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Publication numberUS4784226 A
Publication typeGrant
Application numberUS 07/053,828
Publication dateNov 15, 1988
Filing dateMay 22, 1987
Priority dateMay 22, 1987
Fee statusLapsed
Publication number053828, 07053828, US 4784226 A, US 4784226A, US-A-4784226, US4784226 A, US4784226A
InventorsMark L. Wyatt
Original AssigneeArrow Oil Tools, Inc.
Export CitationBiBTeX, EndNote, RefMan
External Links: USPTO, USPTO Assignment, Espacenet
Drillable bridge plug
US 4784226 A
Abstract
A bridge plug having upper and lower slips for anchoring the plug and an elastomeric packing element for sealing within a well casing. The bridge plug may be set either mechanically or through a wireline pressure setting assembly. The small outer diameter of the bridge plug allows for fast run in and the short design and material selection assures a quick drill-out. The lower cone adjacent the lower slip assembly is locked to prevent spinning of the plug during drill out. Pressure equalizing means are provided for equalizing the fluid pressure above and below the plug before drilling out the upper slips.
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Claims(14)
I claim:
1. A drillable bridge plug for sealing a well casing using a setting assembly and adapted to be readily drilled out to remove said bridge plug, said bridge plug comprising:
an inner mandrel having detachable means for connecting said bridge plug to the setting assembly formed at the upper end of said mandrel, said mandrel including a partial axial bore open to the bottom of said bridge plug, said partial bore operating as a fluid bypass passageway when said bridge plug is drilled out to provide pressure equalizing fluid communication above and below said bridge plug;
upper slip means and lower slip means mounted on said mandrel and adapted to selectively engage the well casing to anchor said bridge plug;
an elastomeric packing element mounted on said mandrel between said upper slip means and said lower slip means; and
upper and lower compression cones mounted on said mandrel, said cones operable to deform said packing element into sealing engagement with the well casing upon setting of said bridge plug;
a lock nut movably mounted on said mandrel adjacent said lower compression cone, said lock nut cooperating with ratchet threads formed on said mandrel and said lower compression cone to maintain compression of said packing element and prevent rotation of said bridge plug as said plug is drilled out;
said inner mandrel including said connecting means, said upper slip means, said lower slip means and said compression cones being made of cast iron wherein said bridge plug may be drilled out of the well casing.
2. The bridge plug as defined in claim 1 wherein said connecting means of said mandrel comprises a shear stud having an outer threaded portion adapted to cooperate with a wireline setting assembly and an inner reverse-thread portion adapted to cooperate with a mechanical setting assembly.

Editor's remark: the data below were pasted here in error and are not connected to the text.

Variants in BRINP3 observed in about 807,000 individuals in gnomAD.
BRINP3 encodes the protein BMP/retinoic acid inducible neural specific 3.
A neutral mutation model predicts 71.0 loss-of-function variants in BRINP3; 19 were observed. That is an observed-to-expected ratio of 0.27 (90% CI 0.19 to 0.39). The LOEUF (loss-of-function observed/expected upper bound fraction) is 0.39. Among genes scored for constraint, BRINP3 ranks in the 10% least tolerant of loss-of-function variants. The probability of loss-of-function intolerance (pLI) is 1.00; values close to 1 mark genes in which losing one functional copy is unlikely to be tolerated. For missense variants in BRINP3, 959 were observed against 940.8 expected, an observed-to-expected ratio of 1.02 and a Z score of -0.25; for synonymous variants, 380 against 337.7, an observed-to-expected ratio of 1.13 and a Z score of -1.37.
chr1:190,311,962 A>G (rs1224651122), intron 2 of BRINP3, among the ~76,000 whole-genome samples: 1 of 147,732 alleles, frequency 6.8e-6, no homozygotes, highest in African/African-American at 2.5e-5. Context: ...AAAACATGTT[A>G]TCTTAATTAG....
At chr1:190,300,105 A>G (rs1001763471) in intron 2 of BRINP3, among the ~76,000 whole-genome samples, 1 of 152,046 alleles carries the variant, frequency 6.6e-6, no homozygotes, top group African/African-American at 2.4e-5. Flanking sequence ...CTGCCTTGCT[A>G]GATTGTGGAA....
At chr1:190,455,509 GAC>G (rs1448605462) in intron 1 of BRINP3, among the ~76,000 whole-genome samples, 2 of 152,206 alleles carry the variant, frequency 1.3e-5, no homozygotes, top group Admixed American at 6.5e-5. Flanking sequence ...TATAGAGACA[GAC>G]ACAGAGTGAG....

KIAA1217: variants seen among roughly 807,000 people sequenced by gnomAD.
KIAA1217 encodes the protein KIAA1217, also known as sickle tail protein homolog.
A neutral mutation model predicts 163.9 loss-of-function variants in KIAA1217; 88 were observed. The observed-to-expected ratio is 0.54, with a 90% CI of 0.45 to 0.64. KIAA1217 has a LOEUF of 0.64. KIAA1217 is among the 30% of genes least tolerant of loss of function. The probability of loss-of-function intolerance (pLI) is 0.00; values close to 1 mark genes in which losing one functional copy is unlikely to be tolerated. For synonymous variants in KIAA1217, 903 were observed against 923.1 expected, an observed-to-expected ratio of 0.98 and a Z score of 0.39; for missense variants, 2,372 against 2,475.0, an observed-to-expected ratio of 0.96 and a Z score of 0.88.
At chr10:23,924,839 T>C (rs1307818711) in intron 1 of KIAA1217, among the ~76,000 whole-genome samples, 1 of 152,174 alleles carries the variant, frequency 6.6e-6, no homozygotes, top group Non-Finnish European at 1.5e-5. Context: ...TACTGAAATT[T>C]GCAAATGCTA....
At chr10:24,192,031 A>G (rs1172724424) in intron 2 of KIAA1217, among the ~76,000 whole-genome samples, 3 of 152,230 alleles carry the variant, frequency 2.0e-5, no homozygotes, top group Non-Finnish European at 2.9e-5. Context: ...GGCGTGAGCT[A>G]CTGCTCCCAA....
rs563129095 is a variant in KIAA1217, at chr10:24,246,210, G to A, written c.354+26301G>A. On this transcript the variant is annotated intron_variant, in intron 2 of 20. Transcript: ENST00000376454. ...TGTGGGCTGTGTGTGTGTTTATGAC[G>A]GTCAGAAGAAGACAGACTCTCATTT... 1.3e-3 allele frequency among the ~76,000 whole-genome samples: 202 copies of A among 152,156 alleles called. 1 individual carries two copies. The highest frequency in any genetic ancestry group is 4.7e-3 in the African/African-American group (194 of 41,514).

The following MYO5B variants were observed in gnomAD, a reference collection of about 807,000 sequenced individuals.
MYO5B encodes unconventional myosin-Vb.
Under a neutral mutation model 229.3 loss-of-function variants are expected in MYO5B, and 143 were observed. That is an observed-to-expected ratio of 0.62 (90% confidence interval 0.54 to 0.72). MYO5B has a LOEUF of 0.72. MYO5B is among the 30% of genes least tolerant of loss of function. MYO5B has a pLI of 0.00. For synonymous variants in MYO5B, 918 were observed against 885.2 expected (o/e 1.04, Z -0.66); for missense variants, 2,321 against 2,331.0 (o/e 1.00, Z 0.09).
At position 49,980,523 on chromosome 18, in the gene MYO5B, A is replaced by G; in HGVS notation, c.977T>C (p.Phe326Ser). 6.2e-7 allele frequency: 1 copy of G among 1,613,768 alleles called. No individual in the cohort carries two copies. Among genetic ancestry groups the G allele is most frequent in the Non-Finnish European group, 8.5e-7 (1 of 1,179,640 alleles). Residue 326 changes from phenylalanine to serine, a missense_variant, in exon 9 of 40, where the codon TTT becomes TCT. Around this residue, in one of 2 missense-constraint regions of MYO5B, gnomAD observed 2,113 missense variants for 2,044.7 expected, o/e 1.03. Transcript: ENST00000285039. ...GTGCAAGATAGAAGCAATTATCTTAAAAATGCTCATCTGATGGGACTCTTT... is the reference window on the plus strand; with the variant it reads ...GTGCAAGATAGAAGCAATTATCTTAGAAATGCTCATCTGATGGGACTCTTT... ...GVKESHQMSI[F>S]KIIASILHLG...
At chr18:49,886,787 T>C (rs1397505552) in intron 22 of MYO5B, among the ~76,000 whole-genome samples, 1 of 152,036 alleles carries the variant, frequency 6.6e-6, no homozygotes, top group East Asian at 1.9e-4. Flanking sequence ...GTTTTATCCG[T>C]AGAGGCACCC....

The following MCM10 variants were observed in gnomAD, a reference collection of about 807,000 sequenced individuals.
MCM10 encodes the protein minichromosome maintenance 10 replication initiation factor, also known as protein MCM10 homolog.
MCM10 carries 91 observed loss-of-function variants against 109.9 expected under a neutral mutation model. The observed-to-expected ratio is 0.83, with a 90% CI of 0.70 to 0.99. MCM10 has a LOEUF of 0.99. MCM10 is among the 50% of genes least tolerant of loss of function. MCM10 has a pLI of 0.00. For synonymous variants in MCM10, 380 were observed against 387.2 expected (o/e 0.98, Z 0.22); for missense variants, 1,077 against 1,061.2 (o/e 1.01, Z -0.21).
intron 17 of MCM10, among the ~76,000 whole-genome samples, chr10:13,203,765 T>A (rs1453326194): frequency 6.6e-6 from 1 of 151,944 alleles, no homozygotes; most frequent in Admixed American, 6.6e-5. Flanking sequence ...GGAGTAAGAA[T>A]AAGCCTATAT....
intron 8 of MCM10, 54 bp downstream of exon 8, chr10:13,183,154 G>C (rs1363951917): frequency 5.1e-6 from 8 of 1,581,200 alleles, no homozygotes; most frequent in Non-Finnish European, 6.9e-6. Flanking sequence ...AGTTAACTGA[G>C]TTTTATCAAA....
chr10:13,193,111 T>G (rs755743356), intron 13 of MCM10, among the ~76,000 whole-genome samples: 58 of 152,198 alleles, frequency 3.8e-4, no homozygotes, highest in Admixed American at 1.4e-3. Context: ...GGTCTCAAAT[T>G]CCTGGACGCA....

3. The bridge plug as defined in claim 2 wherein said connecting means of said mandrel is integrally formed with said mandrel, said connecting means including a shear groove for selectively detaching said connecting means and the setting assembly from said bridge plug.
4. The bridge plug as defined in claim 2 wherein the setting assembly is detached from said bridge plug by rotating the setting assembly relative to said bridge plug to disconnect the setting assembly from said connecting means.
5. The bridge plug as defined in claim 1 wherein said partial axial bore extends upwardly to a position substantially concentric with said upper slip means thereby forming an upper mandrel portion having no passageway therethrough, said partial bore operating as a fluid bypass passageway when said upper mandrel portion having no passageway is drilled out to provide pressure equalizing fluid communication above and below said bridge plug.
6. A drillable bridge plug for sealing a well casing using a setting assembly and adapted to be readily drilled out to remove said bridge plug from the well casing, said bridge plug being set within the well casing using the setting assembly, said bridge plug comprising:
an inner mandrel having detachable means for connecting said bridge plug to the setting assembly integrally formed at the upper end of said mandrel, said detachable connecting means comprising an outer threaded portion adapted to cooperate with a wireline setting assembly and an inner reverse-thread portion adapted to cooperate with a mechanical setting assembly;
upper slip means and lower slip means mounted on said mandrel and adapted to selectively engage the well casing to anchor said bridge plug; an elastomeric packing element mounted on said mandrel between said upper slip means and said lower slip means;
upper and lower compression cones mounted on said mandrel for selective longitudinal movement relative to said mandrel, said cones operable to deform said packing element into sealing engagement with the well casing; and
lock nut ratcheting means mounted on said mandrel adjacent said lower compression cone, said lock nut ratcheting means cooperating with ratchet threads formed on said mandrel and said lower compression cone to maintain compression of said packing element and to prevent rotation of said bridge plug as said plug is drilled out;